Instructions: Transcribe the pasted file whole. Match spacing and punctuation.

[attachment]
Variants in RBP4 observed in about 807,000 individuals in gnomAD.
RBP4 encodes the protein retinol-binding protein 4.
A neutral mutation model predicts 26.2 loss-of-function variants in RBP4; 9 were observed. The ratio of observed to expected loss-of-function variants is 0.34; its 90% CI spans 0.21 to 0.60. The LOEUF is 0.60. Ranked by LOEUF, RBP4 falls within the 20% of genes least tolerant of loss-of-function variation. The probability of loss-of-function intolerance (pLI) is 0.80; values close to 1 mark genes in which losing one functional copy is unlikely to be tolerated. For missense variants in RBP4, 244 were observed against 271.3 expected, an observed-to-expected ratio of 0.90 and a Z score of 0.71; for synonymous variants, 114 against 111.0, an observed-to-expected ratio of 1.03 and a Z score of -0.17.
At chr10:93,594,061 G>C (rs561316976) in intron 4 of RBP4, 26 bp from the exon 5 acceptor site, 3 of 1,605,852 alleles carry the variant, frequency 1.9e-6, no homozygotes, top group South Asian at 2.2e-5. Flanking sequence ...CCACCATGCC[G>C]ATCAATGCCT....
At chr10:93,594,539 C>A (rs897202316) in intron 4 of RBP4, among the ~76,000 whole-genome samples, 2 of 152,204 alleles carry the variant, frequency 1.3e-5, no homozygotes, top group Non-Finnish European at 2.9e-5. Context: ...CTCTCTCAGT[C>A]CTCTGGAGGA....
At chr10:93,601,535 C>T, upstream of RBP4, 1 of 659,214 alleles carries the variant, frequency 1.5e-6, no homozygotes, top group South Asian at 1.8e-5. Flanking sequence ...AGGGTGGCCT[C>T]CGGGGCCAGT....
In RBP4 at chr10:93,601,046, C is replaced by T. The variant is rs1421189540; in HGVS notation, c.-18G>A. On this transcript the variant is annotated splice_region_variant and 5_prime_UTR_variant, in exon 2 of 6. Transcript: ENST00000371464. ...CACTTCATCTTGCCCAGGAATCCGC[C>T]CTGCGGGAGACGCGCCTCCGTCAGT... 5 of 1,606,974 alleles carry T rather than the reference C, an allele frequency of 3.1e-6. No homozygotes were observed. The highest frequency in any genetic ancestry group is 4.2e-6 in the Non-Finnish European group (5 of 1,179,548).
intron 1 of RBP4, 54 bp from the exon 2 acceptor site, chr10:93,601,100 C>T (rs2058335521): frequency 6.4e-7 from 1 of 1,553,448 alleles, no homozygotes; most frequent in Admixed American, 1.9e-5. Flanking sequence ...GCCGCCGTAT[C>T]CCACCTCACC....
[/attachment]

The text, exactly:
Variants in RBP4 observed in about 807,000 individuals in gnomAD.
RBP4 encodes the protein retinol-binding protein 4.
A neutral mutation model predicts 26.2 loss-of-function variants in RBP4; 9 were observed. The ratio of observed to expected loss-of-function variants is 0.34; its 90% CI spans 0.21 to 0.60. The LOEUF is 0.60. Ranked by LOEUF, RBP4 falls within the 20% of genes least tolerant of loss-of-function variation. The probability of loss-of-function intolerance (pLI) is 0.80; values close to 1 mark genes in which losing one functional copy is unlikely to be tolerated. For missense variants in RBP4, 244 were observed against 271.3 expected, an observed-to-expected ratio of 0.90 and a Z score of 0.71; for synonymous variants, 114 against 111.0, an observed-to-expected ratio of 1.03 and a Z score of -0.17.
At chr10:93,594,061 G>C (rs561316976) in intron 4 of RBP4, 26 bp from the exon 5 acceptor site, 3 of 1,605,852 alleles carry the variant, frequency 1.9e-6, no homozygotes, top group South Asian at 2.2e-5. Flanking sequence ...CCACCATGCC[G>C]ATCAATGCCT....
At chr10:93,594,539 C>A (rs897202316) in intron 4 of RBP4, among the ~76,000 whole-genome samples, 2 of 152,204 alleles carry the variant, frequency 1.3e-5, no homozygotes, top group Non-Finnish European at 2.9e-5. Context: ...CTCTCTCAGT[C>A]CTCTGGAGGA....
At chr10:93,601,535 C>T, upstream of RBP4, 1 of 659,214 alleles carries the variant, frequency 1.5e-6, no homozygotes, top group South Asian at 1.8e-5. Flanking sequence ...AGGGTGGCCT[C>T]CGGGGCCAGT....
In RBP4 at chr10:93,601,046, C is replaced by T. The variant is rs1421189540; in HGVS notation, c.-18G>A. On this transcript the variant is annotated splice_region_variant and 5_prime_UTR_variant, in exon 2 of 6. Transcript: ENST00000371464. ...CACTTCATCTTGCCCAGGAATCCGC[C>T]CTGCGGGAGACGCGCCTCCGTCAGT... 5 of 1,606,974 alleles carry T rather than the reference C, an allele frequency of 3.1e-6. No homozygotes were observed. The highest frequency in any genetic ancestry group is 4.2e-6 in the Non-Finnish European group (5 of 1,179,548).
intron 1 of RBP4, 54 bp from the exon 2 acceptor site, chr10:93,601,100 C>T (rs2058335521): frequency 6.4e-7 from 1 of 1,553,448 alleles, no homozygotes; most frequent in Admixed American, 1.9e-5. Flanking sequence ...GCCGCCGTAT[C>T]CCACCTCACC....